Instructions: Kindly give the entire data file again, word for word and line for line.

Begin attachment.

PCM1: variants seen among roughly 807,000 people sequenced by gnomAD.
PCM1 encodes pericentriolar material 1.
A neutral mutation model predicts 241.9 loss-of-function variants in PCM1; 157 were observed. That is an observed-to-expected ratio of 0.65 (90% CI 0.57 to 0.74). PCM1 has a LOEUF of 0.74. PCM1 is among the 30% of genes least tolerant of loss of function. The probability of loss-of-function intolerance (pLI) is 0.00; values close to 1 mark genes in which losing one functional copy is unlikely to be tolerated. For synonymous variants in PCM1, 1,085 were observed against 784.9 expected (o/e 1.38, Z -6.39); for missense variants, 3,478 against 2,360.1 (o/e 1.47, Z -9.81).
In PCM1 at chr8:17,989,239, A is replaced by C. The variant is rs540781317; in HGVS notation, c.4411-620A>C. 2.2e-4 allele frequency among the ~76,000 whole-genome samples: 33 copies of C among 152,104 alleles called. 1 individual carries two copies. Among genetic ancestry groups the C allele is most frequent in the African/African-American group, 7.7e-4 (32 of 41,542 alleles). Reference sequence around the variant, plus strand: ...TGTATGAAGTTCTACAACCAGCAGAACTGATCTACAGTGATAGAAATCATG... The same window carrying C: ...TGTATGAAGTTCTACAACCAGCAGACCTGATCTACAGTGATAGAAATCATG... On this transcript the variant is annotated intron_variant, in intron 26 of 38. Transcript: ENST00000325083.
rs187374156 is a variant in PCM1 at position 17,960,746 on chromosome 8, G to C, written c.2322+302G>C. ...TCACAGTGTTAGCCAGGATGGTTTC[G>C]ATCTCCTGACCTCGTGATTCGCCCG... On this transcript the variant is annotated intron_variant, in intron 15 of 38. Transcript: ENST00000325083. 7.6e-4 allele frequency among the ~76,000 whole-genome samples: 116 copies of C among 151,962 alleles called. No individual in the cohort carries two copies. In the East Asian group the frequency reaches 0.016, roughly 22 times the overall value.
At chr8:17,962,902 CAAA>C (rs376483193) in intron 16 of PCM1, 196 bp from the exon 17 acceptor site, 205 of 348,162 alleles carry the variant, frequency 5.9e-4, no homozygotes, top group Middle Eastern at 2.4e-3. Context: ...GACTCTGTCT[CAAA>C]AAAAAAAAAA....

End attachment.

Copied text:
PCM1: variants seen among roughly 807,000 people sequenced by gnomAD.
PCM1 encodes pericentriolar material 1.
A neutral mutation model predicts 241.9 loss-of-function variants in PCM1; 157 were observed. That is an observed-to-expected ratio of 0.65 (90% CI 0.57 to 0.74). PCM1 has a LOEUF of 0.74. PCM1 is among the 30% of genes least tolerant of loss of function. The probability of loss-of-function intolerance (pLI) is 0.00; values close to 1 mark genes in which losing one functional copy is unlikely to be tolerated. For synonymous variants in PCM1, 1,085 were observed against 784.9 expected (o/e 1.38, Z -6.39); for missense variants, 3,478 against 2,360.1 (o/e 1.47, Z -9.81).
In PCM1 at chr8:17,989,239, A is replaced by C. The variant is rs540781317; in HGVS notation, c.4411-620A>C. 2.2e-4 allele frequency among the ~76,000 whole-genome samples: 33 copies of C among 152,104 alleles called. 1 individual carries two copies. Among genetic ancestry groups the C allele is most frequent in the African/African-American group, 7.7e-4 (32 of 41,542 alleles). Reference sequence around the variant, plus strand: ...TGTATGAAGTTCTACAACCAGCAGAACTGATCTACAGTGATAGAAATCATG... The same window carrying C: ...TGTATGAAGTTCTACAACCAGCAGACCTGATCTACAGTGATAGAAATCATG... On this transcript the variant is annotated intron_variant, in intron 26 of 38. Transcript: ENST00000325083.
rs187374156 is a variant in PCM1 at position 17,960,746 on chromosome 8, G to C, written c.2322+302G>C. ...TCACAGTGTTAGCCAGGATGGTTTC[G>C]ATCTCCTGACCTCGTGATTCGCCCG... On this transcript the variant is annotated intron_variant, in intron 15 of 38. Transcript: ENST00000325083. 7.6e-4 allele frequency among the ~76,000 whole-genome samples: 116 copies of C among 151,962 alleles called. No individual in the cohort carries two copies. In the East Asian group the frequency reaches 0.016, roughly 22 times the overall value.
At chr8:17,962,902 CAAA>C (rs376483193) in intron 16 of PCM1, 196 bp from the exon 17 acceptor site, 205 of 348,162 alleles carry the variant, frequency 5.9e-4, no homozygotes, top group Middle Eastern at 2.4e-3. Context: ...GACTCTGTCT[CAAA>C]AAAAAAAAAA....